LUMPENPROLETARIAT—On Senator Bernie Sanders’ collaboration on economic policy with heterodox economists from the University of Missouri-Kansas City, such as Dr. Stephanie Kelton. Dr. Kelton has been hired by Senator Bernie Sanders to be the chief economist in the Senate Minority Budget Committee. Could Bernie Sanders inject progressive spirit into the Democratic Party’s agenda? Or will Sanders find that Gresham’s Law always prevails?
Al Jazeera America’s Ned Resnikoff explores the implications of the Senate’s self-proclaimed socialist meeting the revolutionary approach to macroeconomic policy, modern money theory (MMT), which shows us how, and why, we can afford to end involuntary unemployment as we know it.
AL JAZEERA AMERICA—[19 FEB 2015] Ranking Senate Budget Committee member draws on research from heterodox economists to solve country’s financial woes
Bernie Sanders is headed to Iowa. On Thursday, the irascible Vermont senator and self-described democratic socialist will kick off three days of public speaking events in the state, joining the scores of other rumored presidential contenders who have recently descended on the crucial 2016 battleground.
Like the others, Sanders has not yet said whether he is running for president. But he has repeatedly said that he is “prepared to run,” particularly if nobody else steps up to fill a left-wing, economically egalitarian vacancy in the Democratic primary field.
In the meantime, Sanders has used his position as a ranking member on the Senate Budget Committee to expound on his own vision for a political program. Last month, he put out a report advocating for a federal budget that would help “rebuild the disappearing middle class.”
Most of the policy initiatives suggested in that report — such as raising the minimum wage and boosting infrastructure spending — have been proposed before by Sanders and members of the Democratic Party. But the report also included a novel way of thinking about the federal deficit: Although Sanders said debt reduction is a worthy goal, he put far greater emphasis on reducing what he called the “other deficits in our society,” such as unemployment and income inequality.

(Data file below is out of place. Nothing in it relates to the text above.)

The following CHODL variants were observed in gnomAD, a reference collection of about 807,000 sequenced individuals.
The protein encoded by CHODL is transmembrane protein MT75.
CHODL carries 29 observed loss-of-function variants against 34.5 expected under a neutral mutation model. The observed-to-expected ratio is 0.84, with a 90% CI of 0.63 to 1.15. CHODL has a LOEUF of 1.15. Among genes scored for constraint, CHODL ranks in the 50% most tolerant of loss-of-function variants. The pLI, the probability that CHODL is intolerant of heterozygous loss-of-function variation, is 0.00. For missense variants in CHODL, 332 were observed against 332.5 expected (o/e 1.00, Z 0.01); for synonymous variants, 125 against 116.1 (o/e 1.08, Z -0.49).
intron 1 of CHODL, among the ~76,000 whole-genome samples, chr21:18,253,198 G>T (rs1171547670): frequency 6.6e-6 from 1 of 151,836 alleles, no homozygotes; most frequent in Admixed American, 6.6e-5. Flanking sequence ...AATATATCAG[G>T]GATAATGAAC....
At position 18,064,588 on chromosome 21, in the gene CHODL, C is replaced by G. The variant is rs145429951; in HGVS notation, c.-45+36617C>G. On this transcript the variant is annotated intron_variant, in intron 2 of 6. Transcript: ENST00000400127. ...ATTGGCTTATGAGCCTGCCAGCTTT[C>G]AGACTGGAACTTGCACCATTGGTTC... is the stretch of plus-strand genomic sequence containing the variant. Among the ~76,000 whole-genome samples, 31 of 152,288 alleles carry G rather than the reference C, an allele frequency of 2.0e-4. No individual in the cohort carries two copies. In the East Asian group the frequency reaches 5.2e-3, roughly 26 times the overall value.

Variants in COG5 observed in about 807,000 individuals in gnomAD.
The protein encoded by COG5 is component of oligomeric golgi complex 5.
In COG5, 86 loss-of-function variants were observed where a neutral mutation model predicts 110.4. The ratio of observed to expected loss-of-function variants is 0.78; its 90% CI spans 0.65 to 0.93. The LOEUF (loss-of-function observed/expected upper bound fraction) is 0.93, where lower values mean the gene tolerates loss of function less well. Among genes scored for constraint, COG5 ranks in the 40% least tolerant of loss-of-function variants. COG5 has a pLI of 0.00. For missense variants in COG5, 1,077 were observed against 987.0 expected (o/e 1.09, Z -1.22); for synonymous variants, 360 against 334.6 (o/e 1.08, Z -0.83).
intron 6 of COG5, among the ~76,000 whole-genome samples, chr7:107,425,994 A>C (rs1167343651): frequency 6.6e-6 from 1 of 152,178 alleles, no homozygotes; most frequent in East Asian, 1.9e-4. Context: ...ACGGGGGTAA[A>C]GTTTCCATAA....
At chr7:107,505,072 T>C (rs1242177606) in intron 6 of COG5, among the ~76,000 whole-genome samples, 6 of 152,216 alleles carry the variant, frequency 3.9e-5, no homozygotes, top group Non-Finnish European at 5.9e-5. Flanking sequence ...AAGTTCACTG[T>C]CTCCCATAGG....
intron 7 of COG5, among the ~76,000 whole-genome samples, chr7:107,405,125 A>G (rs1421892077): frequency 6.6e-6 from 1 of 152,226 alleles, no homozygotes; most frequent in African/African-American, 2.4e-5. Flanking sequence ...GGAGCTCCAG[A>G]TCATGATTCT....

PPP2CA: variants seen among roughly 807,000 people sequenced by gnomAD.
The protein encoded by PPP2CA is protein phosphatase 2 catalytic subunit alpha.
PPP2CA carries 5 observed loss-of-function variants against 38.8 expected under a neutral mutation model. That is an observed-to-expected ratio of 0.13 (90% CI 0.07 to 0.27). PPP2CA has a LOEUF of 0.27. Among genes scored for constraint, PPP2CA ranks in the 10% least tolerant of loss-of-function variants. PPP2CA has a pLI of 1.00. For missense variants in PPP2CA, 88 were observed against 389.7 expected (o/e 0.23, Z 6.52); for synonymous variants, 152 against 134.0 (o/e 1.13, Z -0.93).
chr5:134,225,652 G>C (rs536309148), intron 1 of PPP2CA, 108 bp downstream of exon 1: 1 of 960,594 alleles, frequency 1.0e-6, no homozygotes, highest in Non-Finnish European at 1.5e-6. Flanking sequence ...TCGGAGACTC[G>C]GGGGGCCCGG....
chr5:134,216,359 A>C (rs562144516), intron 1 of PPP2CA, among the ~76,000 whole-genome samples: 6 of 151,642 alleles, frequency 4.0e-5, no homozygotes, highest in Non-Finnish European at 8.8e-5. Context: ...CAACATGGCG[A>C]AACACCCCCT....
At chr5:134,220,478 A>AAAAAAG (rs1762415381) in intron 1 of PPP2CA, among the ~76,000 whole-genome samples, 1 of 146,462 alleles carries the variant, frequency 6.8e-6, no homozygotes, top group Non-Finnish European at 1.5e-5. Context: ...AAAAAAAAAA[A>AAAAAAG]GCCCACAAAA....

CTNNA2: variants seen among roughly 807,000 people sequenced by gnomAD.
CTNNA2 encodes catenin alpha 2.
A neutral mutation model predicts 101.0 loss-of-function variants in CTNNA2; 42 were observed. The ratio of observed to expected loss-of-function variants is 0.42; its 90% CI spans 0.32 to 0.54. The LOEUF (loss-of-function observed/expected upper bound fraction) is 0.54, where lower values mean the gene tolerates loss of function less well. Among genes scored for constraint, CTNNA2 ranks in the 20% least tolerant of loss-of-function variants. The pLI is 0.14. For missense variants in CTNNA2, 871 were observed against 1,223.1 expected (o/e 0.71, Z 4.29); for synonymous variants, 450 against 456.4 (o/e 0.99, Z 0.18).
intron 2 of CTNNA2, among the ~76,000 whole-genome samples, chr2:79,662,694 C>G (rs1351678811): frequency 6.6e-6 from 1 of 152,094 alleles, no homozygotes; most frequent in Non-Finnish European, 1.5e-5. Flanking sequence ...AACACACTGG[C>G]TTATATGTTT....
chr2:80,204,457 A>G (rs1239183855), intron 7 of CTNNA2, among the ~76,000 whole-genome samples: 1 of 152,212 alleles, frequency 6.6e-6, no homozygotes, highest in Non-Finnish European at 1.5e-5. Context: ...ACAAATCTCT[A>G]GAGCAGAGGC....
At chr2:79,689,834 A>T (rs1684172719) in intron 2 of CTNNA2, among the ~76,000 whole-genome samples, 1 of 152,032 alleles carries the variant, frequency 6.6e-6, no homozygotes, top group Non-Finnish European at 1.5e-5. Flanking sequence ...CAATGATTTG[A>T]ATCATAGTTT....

That shift of emphasis — from an abstract, intangible economic indicator like the federal deficit to more concrete issues such as infrastructure and household income — appears to have been influenced in part by a heterodox strain of economics known as modern money theory (MMT). That school of economics has long been ignored by denizens of Capitol Hill, but it has plenty of adherents on the progressive left who are cheering Sanders’s recent public statements.
The Vermont senator is not an MMT adherent, but one of its leading practitioners, Stephanie Kelton, is now his chief economist on the Budget Committee. That hire, and Sanders’s subsequent public statements, have drawn the approval of progressive journalists such as The Fiscal Times’ David Dayen.
“Sometimes, Washington backs into its best ideas without even knowing it,” wrote Dayen in late January. “Sanders’s MMT-tinged push for higher spending comes at precisely the right time, when politicians are looking to respond to inequality and economic despair.”
MMT economists view money as something that is spent into existence by the state. The more money the government spends, the more money the private sector accumulates. When the government taxes in order to recoup some of that money, it does so not in order to generate revenue for itself, but to limit the supply of money and give it some stable value.
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[Image of Bernie Sanders by Flickr user Donkey Hotey.]
[22 SEP 2016]
[Last modified 12:37 PDT 22 SEP 2016]